We study an unexplored type of defaults – information defaults – in a repeated public good provision setting. In our treatments, we vary the default of having or not having contribution information as well as whether the information comes with a positive, zero or negative financial incentive. We find that almost all subjects have the information when this is cost-free or financially beneficial, but around a third have the information even when this is costly. Moreover, a default of not having information leads to a slower unraveling of cooperation which is matched by the beliefs about others’ contributions in these treatments. We also find a secondary informational default effect, challenging previous findings on how defaults work: when the default is no information, subjects do not seek information more often, but they tend to believe that more other subjects seek information.
In a real effort lab and online team production experiment, we analyze exerted effort under different conditions of individual accountability. In a repeated setting, we vary the degree to which production can be directly traced back to a collaborator’s individual or randomly drawn effort level, respectively. We find that individuals produce much less and the decline of effort over time is significantly steeper under high as compared to low and endogenously chosen personal accountability. While endogenous accountability provides an option for monitoring others, it does not force subjects to learn about their under-performing peers, thus limiting the typical decline of contributions over time. We conclude that accountability one step removed may be an interesting institutional setting for repeated collaborations in contexts where low accountability for political, social or legal reasons is not a viable option.
An evidence-based policy debate about future fuel demand requires reliable estimates for fuel price elasticities. Such predictions are often based on revealed preference (RP) data. However, this procedure will only yield reliable results in the absence of severe structural discontinuities. In order to overcome this potential limitation we used a situational stated preference (SP) survey to estimate the response to hypothetical fuel price changes beyond the scope of previous observations. We elicit fuel price elasticities for price increases up to four Euros per liter and find that the situational approach predicts the actual responses to previously observed fuel price changes very well. We conclude that applying a situational approach is particularly useful, if behavioral predictions for unprecedented (non-monetary) policy interventions or supply side shocks are of interest that go beyond the reach of standard RP approaches.
We present a simple principal-agent experiment in which the principals are allowed to choose between a revenue sharing, a bonus and a trust contract, to offer to an agent. Our findings suggest that a large majority of experimental subjects choose the revenue sharing contract. This choice not only turns out to be the most efficient but at the same time is fair. Overall, the distribution of earnings is only mildly skewed towards the principal. We conclude that under revenue sharing contracts concerns for fairness can go in hand with the use of monetary incentives.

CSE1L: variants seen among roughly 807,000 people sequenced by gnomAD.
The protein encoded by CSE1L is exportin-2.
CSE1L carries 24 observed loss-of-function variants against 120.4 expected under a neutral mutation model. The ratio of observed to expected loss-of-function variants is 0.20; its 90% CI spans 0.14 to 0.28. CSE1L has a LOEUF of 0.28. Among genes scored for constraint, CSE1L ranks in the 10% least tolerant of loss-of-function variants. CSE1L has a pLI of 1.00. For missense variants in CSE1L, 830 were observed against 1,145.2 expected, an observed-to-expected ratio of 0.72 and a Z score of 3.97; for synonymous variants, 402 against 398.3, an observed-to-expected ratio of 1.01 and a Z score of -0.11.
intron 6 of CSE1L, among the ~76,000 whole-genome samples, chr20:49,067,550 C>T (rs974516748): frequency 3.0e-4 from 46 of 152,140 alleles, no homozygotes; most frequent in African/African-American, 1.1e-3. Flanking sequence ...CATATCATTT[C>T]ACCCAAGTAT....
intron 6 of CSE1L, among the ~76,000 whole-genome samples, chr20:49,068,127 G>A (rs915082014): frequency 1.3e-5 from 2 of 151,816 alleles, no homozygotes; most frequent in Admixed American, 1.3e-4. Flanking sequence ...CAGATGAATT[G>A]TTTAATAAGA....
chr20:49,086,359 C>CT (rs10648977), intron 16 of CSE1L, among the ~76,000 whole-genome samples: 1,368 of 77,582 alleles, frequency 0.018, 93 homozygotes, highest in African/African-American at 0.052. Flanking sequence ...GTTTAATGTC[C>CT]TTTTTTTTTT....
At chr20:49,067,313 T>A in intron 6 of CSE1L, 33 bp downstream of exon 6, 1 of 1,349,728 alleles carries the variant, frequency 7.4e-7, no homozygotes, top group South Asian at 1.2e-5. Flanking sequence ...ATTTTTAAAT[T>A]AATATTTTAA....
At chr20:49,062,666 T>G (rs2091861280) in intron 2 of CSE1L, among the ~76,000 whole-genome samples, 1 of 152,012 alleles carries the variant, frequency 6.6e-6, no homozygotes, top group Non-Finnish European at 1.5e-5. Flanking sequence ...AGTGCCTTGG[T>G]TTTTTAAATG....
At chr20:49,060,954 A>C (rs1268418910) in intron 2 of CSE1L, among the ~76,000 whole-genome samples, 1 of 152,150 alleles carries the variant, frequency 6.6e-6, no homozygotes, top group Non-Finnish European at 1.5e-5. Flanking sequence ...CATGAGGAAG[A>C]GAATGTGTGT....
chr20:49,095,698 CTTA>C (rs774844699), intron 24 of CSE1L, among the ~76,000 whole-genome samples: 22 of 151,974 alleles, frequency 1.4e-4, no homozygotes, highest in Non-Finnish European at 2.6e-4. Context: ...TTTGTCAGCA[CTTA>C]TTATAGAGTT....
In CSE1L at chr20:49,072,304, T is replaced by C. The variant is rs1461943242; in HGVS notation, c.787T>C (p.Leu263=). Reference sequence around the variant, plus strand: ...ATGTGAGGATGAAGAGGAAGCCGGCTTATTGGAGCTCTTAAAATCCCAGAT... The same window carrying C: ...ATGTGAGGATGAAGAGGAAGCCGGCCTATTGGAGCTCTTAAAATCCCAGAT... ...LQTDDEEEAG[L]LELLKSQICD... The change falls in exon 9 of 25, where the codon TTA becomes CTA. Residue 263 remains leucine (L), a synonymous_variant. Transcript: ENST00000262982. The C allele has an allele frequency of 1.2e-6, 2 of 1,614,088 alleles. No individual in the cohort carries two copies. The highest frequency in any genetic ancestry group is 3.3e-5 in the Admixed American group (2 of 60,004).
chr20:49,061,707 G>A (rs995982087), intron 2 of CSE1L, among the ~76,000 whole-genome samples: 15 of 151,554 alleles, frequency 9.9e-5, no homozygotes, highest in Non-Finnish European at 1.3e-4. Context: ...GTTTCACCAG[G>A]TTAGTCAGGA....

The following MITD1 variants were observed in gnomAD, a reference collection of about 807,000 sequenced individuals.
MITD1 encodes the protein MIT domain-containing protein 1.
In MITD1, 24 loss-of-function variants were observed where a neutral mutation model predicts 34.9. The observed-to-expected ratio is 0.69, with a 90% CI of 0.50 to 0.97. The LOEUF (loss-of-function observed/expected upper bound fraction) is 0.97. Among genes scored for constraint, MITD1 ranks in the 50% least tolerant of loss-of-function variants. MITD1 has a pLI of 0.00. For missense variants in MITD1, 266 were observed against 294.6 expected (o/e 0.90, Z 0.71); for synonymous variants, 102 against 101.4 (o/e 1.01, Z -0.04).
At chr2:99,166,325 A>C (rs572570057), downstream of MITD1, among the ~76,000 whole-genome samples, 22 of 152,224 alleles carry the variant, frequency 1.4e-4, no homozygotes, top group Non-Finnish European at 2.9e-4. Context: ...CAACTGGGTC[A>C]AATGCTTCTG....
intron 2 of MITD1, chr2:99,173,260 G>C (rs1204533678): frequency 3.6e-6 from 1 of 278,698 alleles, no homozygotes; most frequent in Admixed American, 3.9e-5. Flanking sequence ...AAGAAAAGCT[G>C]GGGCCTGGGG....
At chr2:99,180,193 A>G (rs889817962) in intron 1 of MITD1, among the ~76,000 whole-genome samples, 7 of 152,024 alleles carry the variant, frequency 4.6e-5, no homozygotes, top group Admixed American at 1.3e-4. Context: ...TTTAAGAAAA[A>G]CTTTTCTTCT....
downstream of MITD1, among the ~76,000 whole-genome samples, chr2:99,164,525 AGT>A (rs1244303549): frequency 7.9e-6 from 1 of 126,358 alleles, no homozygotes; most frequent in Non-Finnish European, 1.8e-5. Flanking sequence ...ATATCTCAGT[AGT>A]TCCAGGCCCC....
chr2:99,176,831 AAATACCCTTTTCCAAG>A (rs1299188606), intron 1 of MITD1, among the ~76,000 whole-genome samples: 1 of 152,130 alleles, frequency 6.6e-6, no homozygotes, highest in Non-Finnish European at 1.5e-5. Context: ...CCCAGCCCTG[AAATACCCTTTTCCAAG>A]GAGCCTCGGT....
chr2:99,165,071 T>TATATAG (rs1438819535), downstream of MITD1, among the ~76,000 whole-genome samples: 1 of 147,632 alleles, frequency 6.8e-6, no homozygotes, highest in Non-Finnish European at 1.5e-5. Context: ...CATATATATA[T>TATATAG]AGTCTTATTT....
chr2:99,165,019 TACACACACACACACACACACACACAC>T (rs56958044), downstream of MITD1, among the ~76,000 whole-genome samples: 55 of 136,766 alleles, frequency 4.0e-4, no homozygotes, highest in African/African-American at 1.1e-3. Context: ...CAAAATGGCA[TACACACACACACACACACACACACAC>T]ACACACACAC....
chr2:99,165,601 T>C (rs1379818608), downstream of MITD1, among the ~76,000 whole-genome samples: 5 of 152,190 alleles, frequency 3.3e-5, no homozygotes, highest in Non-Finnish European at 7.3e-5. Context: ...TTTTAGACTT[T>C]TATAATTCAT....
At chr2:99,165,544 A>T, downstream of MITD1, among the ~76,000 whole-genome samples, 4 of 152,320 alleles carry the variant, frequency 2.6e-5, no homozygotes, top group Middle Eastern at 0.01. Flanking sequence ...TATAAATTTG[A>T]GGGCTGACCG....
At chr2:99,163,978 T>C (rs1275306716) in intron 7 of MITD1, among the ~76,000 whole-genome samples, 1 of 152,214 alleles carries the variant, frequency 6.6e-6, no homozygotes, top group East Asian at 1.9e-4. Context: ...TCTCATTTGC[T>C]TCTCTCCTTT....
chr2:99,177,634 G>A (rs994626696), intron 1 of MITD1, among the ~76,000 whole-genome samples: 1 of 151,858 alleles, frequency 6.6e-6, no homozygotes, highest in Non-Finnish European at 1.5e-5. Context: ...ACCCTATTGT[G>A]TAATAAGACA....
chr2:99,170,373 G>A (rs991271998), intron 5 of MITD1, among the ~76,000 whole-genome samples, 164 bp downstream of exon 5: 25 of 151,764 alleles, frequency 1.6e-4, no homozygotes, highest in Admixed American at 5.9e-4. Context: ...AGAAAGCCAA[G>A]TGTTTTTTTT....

Using online price comparison and shopping platforms makes experiencing slow connections, lags and waiting times for information an unfortunate reality. However, little attention has been paid to analyzing the effects of such delayed display of information on product choice behavior. This article explores the effect of time delays in a multi-attribute choice laboratory experiment by not providing information immediately when requested but after short time delays. Increasing these waiting times reduced the amount of information looked-up but did not affect choice quality. Higher time delays made decision-makers use more deliberate search processes, whereas low time delays induced inefficient oversearching.
We present the results of an experiment that (a) shows the usefulness of screening out drop-outs and (b) tests whether different methods of payment and reminder intervals affect charitable giving. Following a lab session, participants could make online donations to charity for a total duration of three months. Our procedure justifying the exclusion of drop-outs consists in requiring participants to collect payments in person flexibly and as known in advance and as highlighted to them later. Our interpretation is that participants who failed to collect their positive payments under these circumstances are likely not to satisfy dominance. If we restrict the sample to subjects who did not drop out, but not otherwise, reminders significantly increase the overall amount of charitable giving. We also find that weekly reminders are no more effective than monthly reminders in increasing charitable giving, and that, in our three months duration experiment, standing orders do not increase giving relative to one-off donations.
A “collusion puzzle” exists by which, even though increasing the number of firms reduces the ability to tacitly collude, and leads to a collapse in collusion in experimental markets with three or more firms, in natural markets there are such numbers of firms colluding successfully. We present an experiment showing that, if managers are deferential toward an authority, firms can induce more collusion by delegating production decisions to middle managers and providing suitable informal nudges. This holds not only with two but also with four firms. We are also able to distinguish compliance effects from coordination effects.